530


WILLIAM F. DILLEE


the micronucleus and later composing- part of the separation spindle becomes liberated into the cytoplasm at each cell division.

At the time when the macronnclens starts to constrict, the new definitive corona of the prospective daughters has made its appearance in the parent cell. There is a narrow, appar- ently unsegmented ring midway between the old corona and the circumference of the disk (figs. 6, 8, and 9, Ca). This ring is believed to contain the fundaments of the denticles for the coronas of the daughters.

The history of the other cytoplasmic organelles during divi- sion was not followed with much assurance. Peshkowsky (’23). stated that “during- the process of division in Tricho- dina steinii and T. mitra the adoral zone, the throat and the contractile vacuole become absorbed. ’ ’ In the Trichodina from tadpoles, however, it is likely that the old cytopharynx undergoes some dedifferentiation and becomes the functional gullet of one of the daughters, while the aboral part of the old peristome differentiates into the new cytopharynx of the other daughter.

Of some interest is the formation in the parent of a system of vacuoles (figs. 7 and 9, vac.) lying near the aboral surface in the plane of constriction, one of which inaintains a definite opening* to the outside through a short tube. It is suggested that these vacuoles serve to expedite constriction of the cell body by lessening the viscosity of the cytoplasm at that place. "Wliether any of these vacuoles develop into the functional contractile vacuole of one of the daughters was not deter- mined. The parental contractile vacuole probably persists in one of the daughters.

The constriction of the cell body starts on the distal surface and continues proximally toward the attaching disk (figs. 9 and 10). Division of this type is the rule in the vorticellids, if the stalked end of forms like Vorticella is regarded as ho- mologous with the disk of Trichodina. This apparent longi- tudinal division has been brought into line with the trans- verse fission in other ciliates by assuming a shift in polarity.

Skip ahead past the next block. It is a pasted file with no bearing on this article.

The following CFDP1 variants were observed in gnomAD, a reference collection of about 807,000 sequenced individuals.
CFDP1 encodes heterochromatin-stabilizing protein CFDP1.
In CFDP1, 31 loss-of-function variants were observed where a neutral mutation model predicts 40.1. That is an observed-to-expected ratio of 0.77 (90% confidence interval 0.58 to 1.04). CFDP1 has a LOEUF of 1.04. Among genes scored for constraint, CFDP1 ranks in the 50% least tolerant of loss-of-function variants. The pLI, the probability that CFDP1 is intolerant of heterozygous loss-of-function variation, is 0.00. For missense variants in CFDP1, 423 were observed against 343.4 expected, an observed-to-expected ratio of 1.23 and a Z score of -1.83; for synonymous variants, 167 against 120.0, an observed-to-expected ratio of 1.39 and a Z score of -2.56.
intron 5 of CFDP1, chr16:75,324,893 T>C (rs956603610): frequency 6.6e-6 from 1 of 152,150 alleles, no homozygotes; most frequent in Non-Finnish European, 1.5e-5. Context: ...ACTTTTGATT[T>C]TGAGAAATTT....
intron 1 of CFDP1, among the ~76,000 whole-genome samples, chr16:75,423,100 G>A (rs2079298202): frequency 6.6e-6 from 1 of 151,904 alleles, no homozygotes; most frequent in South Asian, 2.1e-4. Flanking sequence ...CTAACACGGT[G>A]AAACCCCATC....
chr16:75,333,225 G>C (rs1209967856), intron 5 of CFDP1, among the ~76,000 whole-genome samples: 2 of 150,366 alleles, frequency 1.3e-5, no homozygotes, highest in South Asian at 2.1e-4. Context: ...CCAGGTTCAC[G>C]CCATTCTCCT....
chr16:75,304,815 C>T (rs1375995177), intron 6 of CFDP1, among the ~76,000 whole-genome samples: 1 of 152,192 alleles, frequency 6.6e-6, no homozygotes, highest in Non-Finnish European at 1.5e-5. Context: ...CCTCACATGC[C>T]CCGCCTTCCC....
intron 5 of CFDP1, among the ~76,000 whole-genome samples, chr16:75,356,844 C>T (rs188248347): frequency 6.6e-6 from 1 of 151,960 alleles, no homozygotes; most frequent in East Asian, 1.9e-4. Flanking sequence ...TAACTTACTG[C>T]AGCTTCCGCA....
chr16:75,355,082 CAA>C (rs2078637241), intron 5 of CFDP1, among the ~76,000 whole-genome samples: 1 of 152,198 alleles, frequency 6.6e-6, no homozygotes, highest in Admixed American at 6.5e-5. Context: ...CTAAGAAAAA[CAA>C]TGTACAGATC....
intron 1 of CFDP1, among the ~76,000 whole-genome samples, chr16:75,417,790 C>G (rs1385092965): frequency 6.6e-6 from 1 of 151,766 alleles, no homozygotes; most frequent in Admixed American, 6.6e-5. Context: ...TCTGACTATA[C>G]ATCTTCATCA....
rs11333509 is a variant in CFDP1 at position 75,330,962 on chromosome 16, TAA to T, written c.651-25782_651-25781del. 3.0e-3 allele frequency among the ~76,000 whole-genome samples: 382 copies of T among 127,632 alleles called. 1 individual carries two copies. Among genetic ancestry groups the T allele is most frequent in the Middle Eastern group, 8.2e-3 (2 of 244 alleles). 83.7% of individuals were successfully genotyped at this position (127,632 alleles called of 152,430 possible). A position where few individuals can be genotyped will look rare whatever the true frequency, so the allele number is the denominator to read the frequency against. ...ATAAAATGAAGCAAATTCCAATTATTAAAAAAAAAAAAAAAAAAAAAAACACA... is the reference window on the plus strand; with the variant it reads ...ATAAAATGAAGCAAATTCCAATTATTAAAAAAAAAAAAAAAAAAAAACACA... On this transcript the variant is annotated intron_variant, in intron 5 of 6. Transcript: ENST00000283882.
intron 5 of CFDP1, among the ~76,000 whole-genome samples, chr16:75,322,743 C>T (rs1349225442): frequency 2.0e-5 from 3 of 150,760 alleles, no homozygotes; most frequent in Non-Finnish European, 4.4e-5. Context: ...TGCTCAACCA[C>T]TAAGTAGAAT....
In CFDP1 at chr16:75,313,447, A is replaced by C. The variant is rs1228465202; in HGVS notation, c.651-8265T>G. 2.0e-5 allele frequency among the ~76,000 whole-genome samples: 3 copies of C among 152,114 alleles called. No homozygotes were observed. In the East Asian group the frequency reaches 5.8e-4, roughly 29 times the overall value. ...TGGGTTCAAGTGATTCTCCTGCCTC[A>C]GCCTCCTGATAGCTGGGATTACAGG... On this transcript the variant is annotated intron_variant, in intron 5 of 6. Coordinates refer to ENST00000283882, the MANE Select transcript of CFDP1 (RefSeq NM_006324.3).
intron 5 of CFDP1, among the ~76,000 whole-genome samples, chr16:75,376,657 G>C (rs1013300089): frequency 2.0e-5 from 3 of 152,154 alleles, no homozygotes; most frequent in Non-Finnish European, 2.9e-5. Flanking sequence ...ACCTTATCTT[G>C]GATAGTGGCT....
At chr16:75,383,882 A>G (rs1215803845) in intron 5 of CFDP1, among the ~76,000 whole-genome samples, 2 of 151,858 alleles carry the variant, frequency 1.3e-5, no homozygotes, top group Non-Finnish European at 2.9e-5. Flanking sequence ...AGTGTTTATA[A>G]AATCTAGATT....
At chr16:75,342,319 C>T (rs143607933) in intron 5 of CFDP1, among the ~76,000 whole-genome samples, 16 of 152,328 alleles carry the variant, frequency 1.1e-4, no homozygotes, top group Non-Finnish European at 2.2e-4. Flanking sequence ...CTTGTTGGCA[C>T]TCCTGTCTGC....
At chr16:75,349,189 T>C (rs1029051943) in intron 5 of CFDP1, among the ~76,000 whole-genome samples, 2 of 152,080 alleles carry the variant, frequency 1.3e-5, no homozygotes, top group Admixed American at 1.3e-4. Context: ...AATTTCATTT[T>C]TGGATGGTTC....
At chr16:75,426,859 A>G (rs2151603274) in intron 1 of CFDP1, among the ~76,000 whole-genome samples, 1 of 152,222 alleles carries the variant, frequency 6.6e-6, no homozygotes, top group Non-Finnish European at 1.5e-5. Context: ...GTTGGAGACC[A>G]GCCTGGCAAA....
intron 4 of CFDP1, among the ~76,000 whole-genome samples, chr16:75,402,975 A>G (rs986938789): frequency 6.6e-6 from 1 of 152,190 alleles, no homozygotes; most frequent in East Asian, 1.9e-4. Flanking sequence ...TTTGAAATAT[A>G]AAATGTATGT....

PISSION- AlTD ENDOMIXIS IN' TEICHODINA


531


As the attaching disk is pinched into two, the old corona is divided into two parts in snch a way that each piece con- tains approximately the same number of denticles. In the daughters the broken ends round up so as to form almost complete circles again (figs. 10, 11, and 12, Ci). The periph- eral precoronal ring, which has likewise been divided between the daughters, segments and rapidly develops ‘hooks’ and ‘rays.’ The number of denticles in the new corona is deter- mined at a very early stage in the life of the animal — some- times in the parent before division — and persists without change during its existence. About twice as many denticles are developed in the new outer corona as are present in the old inner half corona. Stein ( ’64) observed two-ringed speci- mens of Trichodina pedicnlus, apparently, and gave them the name Trichodina diplodiscus. The inner corona becomes less and less conspicuous and is finally resorbed, while the outer corona develops and takes its place. Just how long the old corona persists is not known. Probably the time is compara- tively short. Oases have been seen in which the new corona had been fully formed and the old one had practically dis- appeared before the separation of daughters had been com- pleted. The possession of two coronas, an outer one 'with the regular number of denticles and an inner one with one-half that number in it, is a very convenient criterion for identify- ing recently formed daughters.

The daughter macronuclei at first are ellipsoidal and faintly staining. They generally contain a comparatively small num- ber of large granules, connected by a chromatinic meshwork, and lying in a clear matrix. As the ellipsoid lengthens into the curved adult nucleus, its chromaticity increases and the pocketed structure is regained (figs. 10, 11, and 12).

C. Normal process of endomixis

Under this term Woodruff and Erdmann (’14) described “a complete periodic nuclear reorganization without cell fusion in a pedigreed race of Paramecium.” “The internal nuclear phenomena comprise the formation of a complete new


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WILLIAM F. DILLER


nuclear apparatus of micronuclear origin.” Endomixis, as thus defined, was of very frequent occurrence, in tlie Tricho- dina from tadpoles. Scarcely a slide failed to furnish at least some stages in the process. That epidemics of endomixis occur in the population of Trichodina is sug'gested hy the observation that on a single slide more individuals are likely to he in a certain stage of endomixis than in other stages. Moreover, endomixis was more frequently encountered in the late spring, especially in June, than at any other time of the year. Whether the generally more favorable environmental conditions in the spring, for protozoan life, or the develop- mental habits of the tadpoles was the responsible factor, could not be determined. Endomixis takes place while the animals are in the free-living condition. No encystment has ever been observed.